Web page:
Today I bring you this fun quiz from CNN, which talks about what we can do to keep our planet. I totally failed it, by the way. I think I got a 40%. If you take the quiz, you will see that a lot of it has to do with curbing our waste, in particular food waste.
I’ve told this story before, so if it sounds familiar, please skip it. When Gordon and I were young, before kids came along, we rented a shack at the top of the mountain in NC, the only shack we could afford. It was a drafty flimsy house, with a wood stove as its sole source of heat. In the winter we would sleep next to it on the floor in the living room, because it was too cold to sleep anywhere else. Our rent was $200 per month.
NC gets snow storms pretty much every winter, but that winter we were hit by a massive snow fall. Knowing it was coming, we went to the store and stocked up. We bought enough meat for at least three weeks, vegetables, milk, cheese.
The storm hit and our power went out. The first day we huddled by the stove. On the second morning my then-fiance made a critical decision to risk driving down the mountain in the snow to go to his aunt’s and uncle’s house, which still had power. He got us there in one piece.
The storm passed, but the county took its time turning the power back on. When we came back, five days after the power went out, I opened the freezer and it smelled like a dead body.
We had to get a garbage bag and throw out everything we bought. We had no money to replace food. I cried. I’ve never cried over food before. I just remember feeling completely hopeless. It left a deep psychological scar.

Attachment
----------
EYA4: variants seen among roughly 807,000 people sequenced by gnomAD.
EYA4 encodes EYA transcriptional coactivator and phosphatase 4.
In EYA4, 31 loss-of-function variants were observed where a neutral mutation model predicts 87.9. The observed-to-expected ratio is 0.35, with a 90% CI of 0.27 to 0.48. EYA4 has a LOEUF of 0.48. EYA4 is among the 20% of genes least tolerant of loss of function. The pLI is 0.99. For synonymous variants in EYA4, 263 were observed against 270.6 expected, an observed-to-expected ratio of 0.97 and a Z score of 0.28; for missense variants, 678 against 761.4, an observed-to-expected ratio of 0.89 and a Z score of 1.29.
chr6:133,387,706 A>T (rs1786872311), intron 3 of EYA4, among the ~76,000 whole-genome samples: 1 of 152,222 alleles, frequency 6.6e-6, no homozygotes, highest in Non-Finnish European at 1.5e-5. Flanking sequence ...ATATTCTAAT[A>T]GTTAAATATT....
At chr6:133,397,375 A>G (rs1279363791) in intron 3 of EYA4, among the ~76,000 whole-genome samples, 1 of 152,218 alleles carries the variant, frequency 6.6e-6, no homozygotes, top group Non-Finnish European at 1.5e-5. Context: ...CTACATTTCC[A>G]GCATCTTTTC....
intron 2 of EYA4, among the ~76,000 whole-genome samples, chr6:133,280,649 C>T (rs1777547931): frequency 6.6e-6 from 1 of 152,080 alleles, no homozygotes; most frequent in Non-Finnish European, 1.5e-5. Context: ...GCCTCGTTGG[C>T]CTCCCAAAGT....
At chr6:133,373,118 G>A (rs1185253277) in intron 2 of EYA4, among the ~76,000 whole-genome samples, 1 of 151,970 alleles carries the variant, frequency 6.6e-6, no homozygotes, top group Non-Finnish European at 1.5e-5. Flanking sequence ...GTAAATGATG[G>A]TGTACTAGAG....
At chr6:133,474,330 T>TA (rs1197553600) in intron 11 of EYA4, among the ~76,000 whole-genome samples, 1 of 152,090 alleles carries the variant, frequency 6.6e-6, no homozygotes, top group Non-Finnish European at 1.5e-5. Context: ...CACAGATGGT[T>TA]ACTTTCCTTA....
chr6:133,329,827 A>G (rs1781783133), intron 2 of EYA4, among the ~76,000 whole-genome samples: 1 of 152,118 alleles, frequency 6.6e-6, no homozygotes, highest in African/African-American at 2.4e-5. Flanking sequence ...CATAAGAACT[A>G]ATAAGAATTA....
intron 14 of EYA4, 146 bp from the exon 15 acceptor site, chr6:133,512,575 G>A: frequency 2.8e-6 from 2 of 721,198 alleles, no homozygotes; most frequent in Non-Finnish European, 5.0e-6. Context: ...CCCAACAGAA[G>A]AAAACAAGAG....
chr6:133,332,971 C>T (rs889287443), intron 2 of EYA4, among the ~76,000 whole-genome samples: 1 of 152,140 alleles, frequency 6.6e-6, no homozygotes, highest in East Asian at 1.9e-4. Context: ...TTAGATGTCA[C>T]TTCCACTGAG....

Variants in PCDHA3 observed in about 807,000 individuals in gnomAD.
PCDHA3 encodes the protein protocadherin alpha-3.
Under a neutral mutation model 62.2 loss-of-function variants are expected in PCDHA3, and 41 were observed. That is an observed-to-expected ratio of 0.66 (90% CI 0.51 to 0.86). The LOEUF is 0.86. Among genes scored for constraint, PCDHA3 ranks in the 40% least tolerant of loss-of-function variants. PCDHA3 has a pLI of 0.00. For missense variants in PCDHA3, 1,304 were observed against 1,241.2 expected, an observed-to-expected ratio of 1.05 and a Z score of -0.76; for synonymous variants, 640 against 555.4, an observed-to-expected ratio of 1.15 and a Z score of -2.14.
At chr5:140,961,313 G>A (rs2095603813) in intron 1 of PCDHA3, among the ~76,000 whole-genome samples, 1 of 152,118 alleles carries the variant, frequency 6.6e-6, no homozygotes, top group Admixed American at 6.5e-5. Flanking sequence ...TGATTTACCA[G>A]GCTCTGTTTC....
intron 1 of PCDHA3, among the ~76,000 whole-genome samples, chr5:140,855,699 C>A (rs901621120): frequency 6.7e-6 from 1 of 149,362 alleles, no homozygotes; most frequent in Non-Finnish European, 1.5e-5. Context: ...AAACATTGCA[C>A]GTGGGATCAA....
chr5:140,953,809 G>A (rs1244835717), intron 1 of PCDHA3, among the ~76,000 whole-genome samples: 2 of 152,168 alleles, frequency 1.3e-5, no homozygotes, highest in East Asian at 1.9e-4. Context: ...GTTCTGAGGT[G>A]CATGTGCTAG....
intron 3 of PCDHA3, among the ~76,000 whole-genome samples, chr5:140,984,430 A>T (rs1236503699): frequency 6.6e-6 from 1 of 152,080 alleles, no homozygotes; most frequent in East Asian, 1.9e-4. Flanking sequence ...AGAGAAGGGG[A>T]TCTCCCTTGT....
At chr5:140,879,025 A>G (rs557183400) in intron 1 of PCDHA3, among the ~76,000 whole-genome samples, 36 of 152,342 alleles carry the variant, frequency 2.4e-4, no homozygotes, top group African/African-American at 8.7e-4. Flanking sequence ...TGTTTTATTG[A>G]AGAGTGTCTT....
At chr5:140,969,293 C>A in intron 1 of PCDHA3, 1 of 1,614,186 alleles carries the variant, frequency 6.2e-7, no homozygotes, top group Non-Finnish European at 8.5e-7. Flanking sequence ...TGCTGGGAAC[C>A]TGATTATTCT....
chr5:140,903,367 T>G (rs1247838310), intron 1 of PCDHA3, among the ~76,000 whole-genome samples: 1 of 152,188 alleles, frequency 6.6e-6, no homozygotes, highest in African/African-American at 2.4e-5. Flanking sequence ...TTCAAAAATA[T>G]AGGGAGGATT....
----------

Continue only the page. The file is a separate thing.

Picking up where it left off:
As soon as we could afford it, I bought a chest freezer and filled it with food, because it made me feel safe. Then once every six months or so I would throw out rock-hard freezer burned food and put more in there. Because safe. Diving into that freezer was like being in a spaceship and finding an ancient cryogenic pod. If I had found a frozen alien in there, I wouldn’t have been terribly surprised.
The average American throws out 300 lbs of food per year.The Swag
Every pound of food is paid for with energy. Planting it, growing it, harvesting it, transporting it, refrigerating it… Lots and lots of energy. The more we conserve, the less wasted energy.
I shudder to think how much energy I wasted with that freezer over ten years. I’m proud to say we have no chest freezer. I also don’t try to buy an entire year’s worth of food anymore. I buy enough for a week and that’s that.
I do other things to try to waste less. I gave up on plastic containers, because they inevitably end up in the garbage. I have reusable straws, although I don’t all the time use them, because I suck. I try to cook just enough to avoid leftover nobody will eat. I am trying to talk Gordon into letting me have a big old compost bin. I want my kids and their kids to have a habitable planet. But I have to tell you, the first time I decided to clean the freezer and not buy anymore food to go into it, well, it almost killed me.